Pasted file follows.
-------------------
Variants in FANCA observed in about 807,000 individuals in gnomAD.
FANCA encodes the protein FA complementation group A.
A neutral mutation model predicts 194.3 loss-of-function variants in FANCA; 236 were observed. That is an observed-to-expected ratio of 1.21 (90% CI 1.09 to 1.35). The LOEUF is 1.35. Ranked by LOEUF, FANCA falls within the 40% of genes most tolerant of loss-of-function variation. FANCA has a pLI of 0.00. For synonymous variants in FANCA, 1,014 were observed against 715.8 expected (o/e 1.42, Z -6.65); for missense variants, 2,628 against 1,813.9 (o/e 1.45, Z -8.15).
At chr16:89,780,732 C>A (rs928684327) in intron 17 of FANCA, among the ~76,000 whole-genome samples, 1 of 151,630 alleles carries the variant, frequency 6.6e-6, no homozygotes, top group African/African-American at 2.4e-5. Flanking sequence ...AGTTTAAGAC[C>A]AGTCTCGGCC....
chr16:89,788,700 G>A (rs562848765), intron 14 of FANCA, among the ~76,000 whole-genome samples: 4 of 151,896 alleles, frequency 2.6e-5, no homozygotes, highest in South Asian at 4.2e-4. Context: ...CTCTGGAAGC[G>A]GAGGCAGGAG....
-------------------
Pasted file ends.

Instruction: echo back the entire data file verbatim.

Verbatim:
Variants in FANCA observed in about 807,000 individuals in gnomAD.
FANCA encodes the protein FA complementation group A.
A neutral mutation model predicts 194.3 loss-of-function variants in FANCA; 236 were observed. That is an observed-to-expected ratio of 1.21 (90% CI 1.09 to 1.35). The LOEUF is 1.35. Ranked by LOEUF, FANCA falls within the 40% of genes most tolerant of loss-of-function variation. FANCA has a pLI of 0.00. For synonymous variants in FANCA, 1,014 were observed against 715.8 expected (o/e 1.42, Z -6.65); for missense variants, 2,628 against 1,813.9 (o/e 1.45, Z -8.15).
At chr16:89,780,732 C>A (rs928684327) in intron 17 of FANCA, among the ~76,000 whole-genome samples, 1 of 151,630 alleles carries the variant, frequency 6.6e-6, no homozygotes, top group African/African-American at 2.4e-5. Flanking sequence ...AGTTTAAGAC[C>A]AGTCTCGGCC....
chr16:89,788,700 G>A (rs562848765), intron 14 of FANCA, among the ~76,000 whole-genome samples: 4 of 151,896 alleles, frequency 2.6e-5, no homozygotes, highest in South Asian at 4.2e-4. Context: ...CTCTGGAAGC[G>A]GAGGCAGGAG....